Conservationists are fighting a rush to mine for gold with an unlikely weapon -- a miniscule single-celled organism.
Single-celled organisms called diatoms help to reveal possible environmental damage caused by mining activities.
Interest in gold mining has heightened in recent years in wildnerness-rich places like Alaska and French Guiana.
Alaskans are debating the constitutionality of a passed initiative called "Save Our Salmon."
A rush to mine for gold has taken over throughout the world, fueled by an economic downturn, high gold prices and improved mining technologies.
But concerned conservationists are trying to halt the rush. They hope that a miniscule single-celled organism, called a diatom, can lead the fight.
A study that will appear in the March 2012 issue of Ecological Indicators describes how diatoms are sensitive to gold mining disturbances to the environment.
These tiny life forms, which exist at the bottom of the food chain and are important indicators of the health of an ecosystem, may serve as valid sensors of the potential ecosystem stress caused by gold mining activities.
Lead author Loïc Tudesque explained to Discovery News that streams affected by gold mining tend to exhibit more silt buildup and muddiness, which disturbs diatoms.
"In streams without siltation, diatoms are strongly attached," he said. "In strongly disturbed streams, the diatom genera are not attached and are very mobile."
For the study, Tudesque and his colleagues collected and analyzed diatoms at 10 different sites affected by gold mining activity in French Guiana. This overseas region of France, bordering Brazil and Suriname, has 90 percent rainforest coverage with rich tropical wilderness areas.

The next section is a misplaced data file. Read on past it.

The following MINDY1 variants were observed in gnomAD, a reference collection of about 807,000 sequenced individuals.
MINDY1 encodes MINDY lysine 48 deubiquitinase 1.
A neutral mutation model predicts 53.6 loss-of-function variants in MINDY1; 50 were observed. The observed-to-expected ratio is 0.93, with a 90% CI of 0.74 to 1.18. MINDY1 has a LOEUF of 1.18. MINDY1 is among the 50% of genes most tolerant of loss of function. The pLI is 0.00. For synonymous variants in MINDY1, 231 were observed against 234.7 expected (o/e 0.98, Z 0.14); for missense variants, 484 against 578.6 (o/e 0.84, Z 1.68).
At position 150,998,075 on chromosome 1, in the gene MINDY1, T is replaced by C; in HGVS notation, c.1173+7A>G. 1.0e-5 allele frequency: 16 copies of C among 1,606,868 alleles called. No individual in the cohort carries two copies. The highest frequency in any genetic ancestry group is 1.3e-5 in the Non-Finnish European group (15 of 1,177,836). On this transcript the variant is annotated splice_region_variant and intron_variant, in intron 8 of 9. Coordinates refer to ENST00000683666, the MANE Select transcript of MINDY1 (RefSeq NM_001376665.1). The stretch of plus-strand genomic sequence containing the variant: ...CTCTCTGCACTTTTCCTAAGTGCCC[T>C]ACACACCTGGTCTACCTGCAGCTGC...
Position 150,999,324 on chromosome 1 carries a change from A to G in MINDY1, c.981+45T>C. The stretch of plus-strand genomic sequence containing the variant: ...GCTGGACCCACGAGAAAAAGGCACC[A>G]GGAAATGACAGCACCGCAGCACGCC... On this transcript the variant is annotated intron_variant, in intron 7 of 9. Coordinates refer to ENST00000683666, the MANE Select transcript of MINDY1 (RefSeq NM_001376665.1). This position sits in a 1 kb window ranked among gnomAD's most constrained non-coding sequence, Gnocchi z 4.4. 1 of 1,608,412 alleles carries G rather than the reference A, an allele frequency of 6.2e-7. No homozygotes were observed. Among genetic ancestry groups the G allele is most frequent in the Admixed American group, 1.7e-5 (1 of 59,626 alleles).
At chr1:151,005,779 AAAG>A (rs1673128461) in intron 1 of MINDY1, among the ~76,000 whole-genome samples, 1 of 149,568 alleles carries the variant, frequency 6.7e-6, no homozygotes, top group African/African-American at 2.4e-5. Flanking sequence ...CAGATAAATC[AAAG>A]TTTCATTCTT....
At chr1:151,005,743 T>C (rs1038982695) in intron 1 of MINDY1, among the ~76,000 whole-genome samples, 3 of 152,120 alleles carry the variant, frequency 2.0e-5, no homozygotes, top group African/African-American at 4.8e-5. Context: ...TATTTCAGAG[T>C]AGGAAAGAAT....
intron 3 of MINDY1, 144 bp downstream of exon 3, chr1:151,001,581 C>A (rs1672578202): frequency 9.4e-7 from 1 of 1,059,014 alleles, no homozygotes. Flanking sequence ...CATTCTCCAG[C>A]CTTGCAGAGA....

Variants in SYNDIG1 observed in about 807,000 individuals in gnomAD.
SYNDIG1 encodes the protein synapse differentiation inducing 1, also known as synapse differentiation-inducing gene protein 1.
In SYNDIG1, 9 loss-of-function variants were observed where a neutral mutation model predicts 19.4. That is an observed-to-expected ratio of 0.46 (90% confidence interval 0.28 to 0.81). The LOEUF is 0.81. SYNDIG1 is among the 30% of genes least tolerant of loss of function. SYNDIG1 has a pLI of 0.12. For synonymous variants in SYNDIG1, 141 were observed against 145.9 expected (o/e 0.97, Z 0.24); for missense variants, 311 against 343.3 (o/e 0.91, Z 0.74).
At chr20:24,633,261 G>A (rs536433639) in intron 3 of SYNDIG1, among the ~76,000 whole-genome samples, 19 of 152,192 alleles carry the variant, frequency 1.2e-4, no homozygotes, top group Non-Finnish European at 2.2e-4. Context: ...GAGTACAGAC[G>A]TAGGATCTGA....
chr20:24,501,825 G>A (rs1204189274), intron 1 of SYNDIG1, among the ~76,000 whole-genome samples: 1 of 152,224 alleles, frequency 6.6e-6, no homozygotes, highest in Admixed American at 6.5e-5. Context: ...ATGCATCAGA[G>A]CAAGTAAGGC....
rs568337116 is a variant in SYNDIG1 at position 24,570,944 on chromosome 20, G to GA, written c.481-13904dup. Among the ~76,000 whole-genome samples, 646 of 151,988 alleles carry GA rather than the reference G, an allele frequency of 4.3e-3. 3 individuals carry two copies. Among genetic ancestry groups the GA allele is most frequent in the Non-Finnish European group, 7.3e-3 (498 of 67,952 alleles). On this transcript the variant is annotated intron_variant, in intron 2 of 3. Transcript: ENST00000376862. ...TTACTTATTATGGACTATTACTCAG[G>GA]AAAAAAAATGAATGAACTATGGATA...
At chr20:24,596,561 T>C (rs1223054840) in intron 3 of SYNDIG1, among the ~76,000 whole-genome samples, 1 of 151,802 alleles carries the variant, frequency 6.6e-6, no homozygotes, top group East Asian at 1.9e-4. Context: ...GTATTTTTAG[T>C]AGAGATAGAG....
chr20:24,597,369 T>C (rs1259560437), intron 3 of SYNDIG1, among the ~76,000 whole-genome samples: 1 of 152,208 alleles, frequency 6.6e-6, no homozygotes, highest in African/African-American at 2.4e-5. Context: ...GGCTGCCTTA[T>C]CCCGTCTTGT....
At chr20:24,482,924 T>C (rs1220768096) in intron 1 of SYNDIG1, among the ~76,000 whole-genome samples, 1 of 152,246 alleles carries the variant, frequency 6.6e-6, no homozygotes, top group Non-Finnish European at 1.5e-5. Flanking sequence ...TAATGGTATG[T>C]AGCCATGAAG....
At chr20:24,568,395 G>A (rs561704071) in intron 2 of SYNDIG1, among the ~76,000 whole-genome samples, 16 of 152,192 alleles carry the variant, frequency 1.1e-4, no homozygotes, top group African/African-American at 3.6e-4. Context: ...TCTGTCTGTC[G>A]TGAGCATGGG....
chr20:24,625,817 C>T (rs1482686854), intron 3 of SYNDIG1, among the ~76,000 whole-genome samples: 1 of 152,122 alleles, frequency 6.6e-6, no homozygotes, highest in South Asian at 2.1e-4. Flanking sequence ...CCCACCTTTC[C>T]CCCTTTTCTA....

According to the authors, gold mining activities, including illegal mining sites, have increased, "potentially leading to considerable environmental damage." The miners are suspected of causing deforestation, heavy metal pollution, and erosion due to use of high-pressure water jets and other equipment.
Gold mining, Tudesque said, is "detrimental to the forests and the rivers."
To help mitigate damage to rivers, a solution might be "to add a decanter to collect the effluents." In the meantime, he and his colleagues propose that analysis of diatoms can help to monitor ecosystem health in affected areas of French Guiana and elsewhere in the world.
Another such modern gold rush area is Alaska, where environmentalists have recently been trying to block one of North America's largest open pit mining operations near Bristol Bay, southwest Alaska. The region also happens to be one of the world's most productive salmon fisheries.
Last month, a "Save Our Salmon" initiative passed, but mine developers are now challenging the local initiative in court. Mike Heatwole, a spokesman for a group called the Pebble Partnership, representing the mining companies, points out that the narrow margin victory demonstrates how many people are still thinking about the economic and other possible benefits of increased mining activity.
Melissa Heuer is deputy director of the Anchorage-based Renewable Resources Coalition that supports "Save Our Salmon."
"Our members are sports, commercial and subsistence fishermen and hunters from around the state," Heuer told Discovery News. "This is one of the first times I can remember all of these user groups coming together and agreeing on the same issue."
She admits that many people in Alaska are pro-development, but adds that "the size and location of the mine, as well as the permitting history of our state, has caused many Alaskans to look at this issue in a different light. We have a large percentage of miners and oil industry workers in our membership who have seen first hand what mining does and know it cannot be done in a responsible manner in this area."
People on both sides of the debate are claiming financial and job creation superiority. On the salmon side, the Bristol Bay fishery provides up to 13,000 jobs a year to Alaskans and others, according to Heuer. The mine supporters argue that their proposal would create jobs now and far into the future.
The constitutionality of the passed "Save Our Salmon" initiative is currently in legal hands, with the case expected to go to court in mid- November.